The real problem as I see it, is that no one with an understanding of the relevant historical considerations is concerned about, or represented in, these issues. Joe Martens told me DEC has a historian, while standing in front of a DEC historic interpretative sign that was a mockery of historical understanding of the site where we stood.
Every pile of junk in the forest has a story to tell. Every time I cross it in the woods, I always stop and take stock of what is there and try to piece together its history. Some of it is well known. Some not known at all. A perfect example is the remains of a sea plane that took off from Huletts Landing. It failed to make it over Deer Leap and crashed in the saddle just yards off the hiking trail. The only parts left are the crankshaft with connected pistons and a few wing supports. The hedgehogs ate the rest. Many people walk by it without ever knowing it even exists.
When a piece of junk like a crashed plane sits in the woods for such a long time, and you know about it, it becomes part of the woods to you. I have two such places in mind, and am jealous of them, not wanting them disturbed. They are not legally protected. Perhaps a steel beer can (with no pop top, Vietnam War era) should be in that category, but not for me. However, the idea of the park is to preserve the woods, not the history or any junk that we hold so dear. Let the woods triumph over all else – they will anyway!
“The view that “junk” has no historic value is why our common historical narratives almost entirely fail to appreciate the contributions of the least among us. “
Is the forest the area to ensure that our historical narrative is appreciated in this respect?
I completely understand your point, and in some respects agree with it, but to take it to the extreme, are we currently “failing” by NOT leaving our current beer cans for future generations?
How can something that would be deplorable today, be revered based solely on the time period when the action took place?
Is there a place for this nostalgia? Sure.. but it is http://kevslog.tripod.com/beercanmuseum/ not along a hiking trail.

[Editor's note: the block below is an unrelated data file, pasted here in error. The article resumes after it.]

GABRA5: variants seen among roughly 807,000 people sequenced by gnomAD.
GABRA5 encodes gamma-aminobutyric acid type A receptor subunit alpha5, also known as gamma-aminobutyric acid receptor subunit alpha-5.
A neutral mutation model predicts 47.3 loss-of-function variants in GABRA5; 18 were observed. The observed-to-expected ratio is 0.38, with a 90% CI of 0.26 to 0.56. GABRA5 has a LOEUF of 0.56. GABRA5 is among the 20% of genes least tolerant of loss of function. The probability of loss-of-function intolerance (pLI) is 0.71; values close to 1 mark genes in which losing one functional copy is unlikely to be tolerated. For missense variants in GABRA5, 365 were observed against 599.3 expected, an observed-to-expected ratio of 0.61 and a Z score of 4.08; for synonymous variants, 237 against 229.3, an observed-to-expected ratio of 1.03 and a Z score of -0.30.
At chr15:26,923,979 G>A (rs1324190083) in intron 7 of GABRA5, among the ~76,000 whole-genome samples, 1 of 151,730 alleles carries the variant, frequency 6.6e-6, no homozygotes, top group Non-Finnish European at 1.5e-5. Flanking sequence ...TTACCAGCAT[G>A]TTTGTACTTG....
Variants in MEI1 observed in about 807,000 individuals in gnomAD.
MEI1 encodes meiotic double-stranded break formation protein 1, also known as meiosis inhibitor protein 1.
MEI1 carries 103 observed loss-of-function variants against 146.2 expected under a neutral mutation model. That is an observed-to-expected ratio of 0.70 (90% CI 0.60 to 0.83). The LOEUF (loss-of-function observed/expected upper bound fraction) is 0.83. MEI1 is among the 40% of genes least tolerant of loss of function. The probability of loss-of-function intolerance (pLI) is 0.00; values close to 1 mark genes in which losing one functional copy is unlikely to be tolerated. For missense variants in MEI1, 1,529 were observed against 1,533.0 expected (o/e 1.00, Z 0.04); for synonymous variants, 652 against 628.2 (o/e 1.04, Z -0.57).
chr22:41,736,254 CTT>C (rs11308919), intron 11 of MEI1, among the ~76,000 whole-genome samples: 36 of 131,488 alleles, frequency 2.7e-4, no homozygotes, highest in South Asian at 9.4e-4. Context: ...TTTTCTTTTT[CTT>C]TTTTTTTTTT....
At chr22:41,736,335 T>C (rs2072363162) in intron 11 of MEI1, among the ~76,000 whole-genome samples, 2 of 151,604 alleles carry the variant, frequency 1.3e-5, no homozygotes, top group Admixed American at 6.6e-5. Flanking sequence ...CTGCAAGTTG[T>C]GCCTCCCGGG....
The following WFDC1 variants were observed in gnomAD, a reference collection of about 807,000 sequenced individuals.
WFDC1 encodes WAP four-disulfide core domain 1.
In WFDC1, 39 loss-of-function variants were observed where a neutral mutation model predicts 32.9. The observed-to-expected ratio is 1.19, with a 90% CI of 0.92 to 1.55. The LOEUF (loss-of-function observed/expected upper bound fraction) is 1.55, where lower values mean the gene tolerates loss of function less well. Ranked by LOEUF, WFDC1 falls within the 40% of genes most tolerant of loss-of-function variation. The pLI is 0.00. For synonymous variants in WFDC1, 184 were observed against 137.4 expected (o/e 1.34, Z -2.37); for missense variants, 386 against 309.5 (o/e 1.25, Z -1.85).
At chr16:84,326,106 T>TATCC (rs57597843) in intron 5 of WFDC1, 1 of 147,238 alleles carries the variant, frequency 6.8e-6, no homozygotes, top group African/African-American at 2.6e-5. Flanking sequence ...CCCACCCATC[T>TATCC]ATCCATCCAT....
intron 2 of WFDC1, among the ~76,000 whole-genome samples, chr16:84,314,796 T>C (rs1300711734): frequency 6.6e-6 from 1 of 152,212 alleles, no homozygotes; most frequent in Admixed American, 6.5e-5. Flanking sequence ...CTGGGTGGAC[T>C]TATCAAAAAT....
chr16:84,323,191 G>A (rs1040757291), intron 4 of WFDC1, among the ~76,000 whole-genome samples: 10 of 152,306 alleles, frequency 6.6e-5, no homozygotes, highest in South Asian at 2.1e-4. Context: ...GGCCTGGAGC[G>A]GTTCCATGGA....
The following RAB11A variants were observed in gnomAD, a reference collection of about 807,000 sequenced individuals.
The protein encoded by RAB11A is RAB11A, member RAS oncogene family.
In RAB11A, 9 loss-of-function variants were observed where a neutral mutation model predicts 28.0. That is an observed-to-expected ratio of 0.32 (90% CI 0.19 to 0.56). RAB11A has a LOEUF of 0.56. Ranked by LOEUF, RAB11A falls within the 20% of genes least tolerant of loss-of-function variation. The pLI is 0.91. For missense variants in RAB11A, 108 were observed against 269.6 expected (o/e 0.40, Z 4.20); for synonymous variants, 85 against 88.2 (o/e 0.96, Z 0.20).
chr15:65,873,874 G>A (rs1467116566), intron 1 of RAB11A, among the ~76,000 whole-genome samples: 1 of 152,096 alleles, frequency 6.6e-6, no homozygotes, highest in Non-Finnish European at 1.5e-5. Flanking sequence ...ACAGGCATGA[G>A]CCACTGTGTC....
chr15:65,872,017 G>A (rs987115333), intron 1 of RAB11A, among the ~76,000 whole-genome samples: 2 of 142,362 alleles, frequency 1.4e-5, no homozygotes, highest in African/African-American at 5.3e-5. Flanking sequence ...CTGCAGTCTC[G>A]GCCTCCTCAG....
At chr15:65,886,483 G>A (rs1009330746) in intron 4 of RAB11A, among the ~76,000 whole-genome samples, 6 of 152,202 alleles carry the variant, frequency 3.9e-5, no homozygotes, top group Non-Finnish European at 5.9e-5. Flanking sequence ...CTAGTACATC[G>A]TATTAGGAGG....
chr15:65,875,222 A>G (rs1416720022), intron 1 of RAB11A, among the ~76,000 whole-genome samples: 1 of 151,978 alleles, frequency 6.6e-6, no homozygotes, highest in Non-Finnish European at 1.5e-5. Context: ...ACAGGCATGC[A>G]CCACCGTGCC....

Short answer, yes, the Forest Preserve is, in a very few instances when no other examples, or few other examples exist, a place where the historical narrative also belongs.
However, as I’ve said, I would not have declared any of fire towers worth saving. We have plenty of examples, and there is a rich historical record.
Admittedly, I’m holding on to a pure ethic here. I doubt very many sites or things found in the forest preserve would meet the criteria to remain. So, most items, including piles of 1950s beer cans, should be surveyed and recorded before visible signs are removed.
In years to come, the existence of these “dumps” could tell us a lot about the history of land use, the efficacy of environmental policies, historic preservation policies, DEC land management, and all kinds of things.
Simply carting them off is, in my view as a historian, short-sighted.
“In years to come, the existence of these “dumps” could tell us a lot about the history of land use, the efficacy of environmental policies, historic preservation policies, DEC land management, and all kinds of things.”
In years to come, the REMOVAL of these dumps would speak volumes about how our society tried to take care of our wilderness resources.
Not unless you have a record that they were there!
I have to agree with John on this one. Let the historical record stand as written. One mans junk is a historians treasure.
and all these years I’ve been cursing the lazy bums who can’t clean up after themselves. Little did I realize they were historically caring individuals.